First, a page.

Opinion: 2016 presidential hopefuls cheat sheet

How do presidential candidates stand on issues concerning college students in South Florida?

Johan Sebastian, Contributing Writer

Millennials — those over-educated narcissists that volunteer more than any past generation and outnumber baby boomers by almost 7 million people – are getting ready to vote for the next leader of the free world.

But millennials, who tend to be college students, deal with much different issues than their wrinkled skin counterparts.

They aren’t worried about Viagra prescriptions but birth control, and while those whippersnappers are dealing with imminent college debt, most other voting blocs are worried about state and federal benefits.

So, I decided to compile a list of a couple presidential candidates that are leading the polls,  and let you know how they stand on issues you may care about:

Donald Trump

Photo courtesy of Mike Lict’s Flickr

Who? Donald Trump is the proud inheritor of a real estate fortune, a TV personality and the owner of a beautiful humble abode right here in Palm Beach County, along with a golf course.

So what will he do for me? If you are a college student, Trump is a very interesting presidential hopeful. In an interview with The Hill, Trump stated that “it’s terrible that one of the only profit centers we have is student loans.” He added, “I think it’s terrible that one of the only profit centers we have is student loans.”

Trump hasn’t provided much of a plan to alleviate student debt besides mentioning that he’ll create more jobs “so [college students] can get five times what the minimum wage is.”

Trump has stated that he’s the best candidate for millennials, but ironically he plans to cut the education department way down, which provides Pell Grants for college students and tracks national education.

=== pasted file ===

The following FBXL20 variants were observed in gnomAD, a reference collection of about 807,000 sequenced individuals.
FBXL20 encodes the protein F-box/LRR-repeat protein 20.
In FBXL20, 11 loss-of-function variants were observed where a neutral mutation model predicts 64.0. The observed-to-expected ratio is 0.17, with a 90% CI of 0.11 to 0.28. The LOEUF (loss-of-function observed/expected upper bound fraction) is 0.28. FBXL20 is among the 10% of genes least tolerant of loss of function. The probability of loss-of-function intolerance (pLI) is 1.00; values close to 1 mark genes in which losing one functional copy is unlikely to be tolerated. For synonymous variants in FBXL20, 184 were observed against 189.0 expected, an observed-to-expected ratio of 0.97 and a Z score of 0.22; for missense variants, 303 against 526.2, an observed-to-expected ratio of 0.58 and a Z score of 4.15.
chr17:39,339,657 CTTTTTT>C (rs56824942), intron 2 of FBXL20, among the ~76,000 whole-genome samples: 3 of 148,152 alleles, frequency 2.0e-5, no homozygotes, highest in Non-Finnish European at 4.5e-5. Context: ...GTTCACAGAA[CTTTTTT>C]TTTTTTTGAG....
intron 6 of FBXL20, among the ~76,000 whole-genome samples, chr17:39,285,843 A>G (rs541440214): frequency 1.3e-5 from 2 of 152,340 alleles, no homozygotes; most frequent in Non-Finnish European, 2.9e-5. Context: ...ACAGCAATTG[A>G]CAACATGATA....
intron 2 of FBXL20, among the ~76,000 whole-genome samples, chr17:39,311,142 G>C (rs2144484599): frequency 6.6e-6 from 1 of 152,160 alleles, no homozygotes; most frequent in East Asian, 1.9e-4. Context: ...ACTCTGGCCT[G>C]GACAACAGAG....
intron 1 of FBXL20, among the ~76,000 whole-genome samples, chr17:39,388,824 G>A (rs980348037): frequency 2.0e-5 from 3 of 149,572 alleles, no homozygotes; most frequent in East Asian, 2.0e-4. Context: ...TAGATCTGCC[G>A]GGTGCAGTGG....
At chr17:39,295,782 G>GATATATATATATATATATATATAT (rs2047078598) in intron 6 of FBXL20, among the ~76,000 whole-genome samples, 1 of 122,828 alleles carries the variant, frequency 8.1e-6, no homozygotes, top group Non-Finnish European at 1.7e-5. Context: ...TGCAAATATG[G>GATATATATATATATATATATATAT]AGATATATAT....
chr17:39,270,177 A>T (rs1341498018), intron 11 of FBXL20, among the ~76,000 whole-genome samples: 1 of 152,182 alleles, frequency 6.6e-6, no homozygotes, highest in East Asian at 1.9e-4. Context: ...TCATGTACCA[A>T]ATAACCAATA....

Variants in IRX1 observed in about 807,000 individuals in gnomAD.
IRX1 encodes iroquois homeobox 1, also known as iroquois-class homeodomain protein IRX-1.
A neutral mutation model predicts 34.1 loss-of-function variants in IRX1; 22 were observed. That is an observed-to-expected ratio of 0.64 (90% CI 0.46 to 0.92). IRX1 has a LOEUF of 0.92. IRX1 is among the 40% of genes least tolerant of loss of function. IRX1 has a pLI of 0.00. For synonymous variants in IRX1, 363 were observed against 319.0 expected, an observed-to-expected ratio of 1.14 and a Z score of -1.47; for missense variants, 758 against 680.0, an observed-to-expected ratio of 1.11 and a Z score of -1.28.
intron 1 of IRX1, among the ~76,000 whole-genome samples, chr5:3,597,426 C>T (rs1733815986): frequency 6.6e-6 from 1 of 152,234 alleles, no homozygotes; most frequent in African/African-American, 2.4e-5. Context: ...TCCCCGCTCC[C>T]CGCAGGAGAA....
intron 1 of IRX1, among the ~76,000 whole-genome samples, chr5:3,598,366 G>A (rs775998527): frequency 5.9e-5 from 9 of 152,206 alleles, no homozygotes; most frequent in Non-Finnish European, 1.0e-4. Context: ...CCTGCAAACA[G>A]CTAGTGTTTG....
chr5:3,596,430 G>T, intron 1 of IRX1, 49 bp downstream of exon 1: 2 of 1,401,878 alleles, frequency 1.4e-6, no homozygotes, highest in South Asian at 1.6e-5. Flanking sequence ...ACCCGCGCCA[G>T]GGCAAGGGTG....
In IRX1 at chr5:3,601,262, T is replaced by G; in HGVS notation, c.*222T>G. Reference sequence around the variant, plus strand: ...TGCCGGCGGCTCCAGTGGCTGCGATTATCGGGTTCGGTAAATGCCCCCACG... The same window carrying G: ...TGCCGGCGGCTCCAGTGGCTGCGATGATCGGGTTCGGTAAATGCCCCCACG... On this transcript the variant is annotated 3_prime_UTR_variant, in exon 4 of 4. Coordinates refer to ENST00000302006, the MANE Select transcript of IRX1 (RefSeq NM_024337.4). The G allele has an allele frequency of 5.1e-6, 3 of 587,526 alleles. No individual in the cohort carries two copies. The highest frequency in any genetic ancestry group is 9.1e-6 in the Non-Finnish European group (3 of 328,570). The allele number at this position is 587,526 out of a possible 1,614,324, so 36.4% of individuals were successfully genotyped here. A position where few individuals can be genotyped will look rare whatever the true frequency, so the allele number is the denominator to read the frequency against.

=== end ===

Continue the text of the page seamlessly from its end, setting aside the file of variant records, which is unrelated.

Is anything going to change in South Florida? Maybe. Trump has stated that he wants to repeal birthright citizenship, possibly changing the interpretation in the 14th amendment. So, if you are a college student whose parents weren’t born in America, you might have to leave. With Palm Beach County being home to about 22 percent foreign born residents, expect Immigration and Customs Enforcement knocking on your door to take you back to where you came from.

Is his hair real?  It’s like a comb over but forward.

Hillary Clinton

Photo courtesy of Mike Licht’s Flickr

Who? Hillary Clinton is the former secretary of state, former senator of New York, a Yale law graduate and wife of former President Bill Clinton.

Cool, but what would I get out of her? Clinton is really looking for the millennial vote. While most conservative nominees are focusing on international issues, Clinton appears to appeal to college students by discussing tuition costs and how to lower them.

Clinton has plans for a $350 billion program that would allow students to attend four-year, public colleges for free. Where would all this money come from? Clinton claims it would be from taxed deductions from the wealthiest Americans. If you’re not planning to be rich in college, Clinton might be your choice.

What about the ladies? This presidential hopeful tends to focus a lot on women’s rights. She’s campaigned for birth control, equal pay and, through the Clinton Global Initiative, donated $600 million to help women around the world acquire secondary education.  

Tell me something weird. Clinton projects the image of a caring, maternal leader, but rarely expresses opinions that aren’t mediated through some of her social media channels. In public she tends to keep her distance from the average voter, even going as far as using ropes to keep journalists away.

Clinton has also taken flak for the Benghazi attacks that killed four americans on the U.S. consulate and CIA annex in Benghazi, Libya. As the secretary of state at the time, she has been blamed for the security lapse.

If elected president, Bill Clinton would be known as “the first gentleman.”

Bernie Sanders

Photo courtesy of Peter Steven’s Flickr

Who? Bernie Sanders is the longest-serving Independent in U.S. congressional history. Hoping to acquire the Democratic nomination, he’s going up against Hillary Clinton. Sanders has had some success among young liberal voters, from the hastag #Feelthebern to his support for climate change reforms and even bands for Bernie. He’s like the Jimmy Buffet of politics for college students – some really old guy that kids would love to chill with.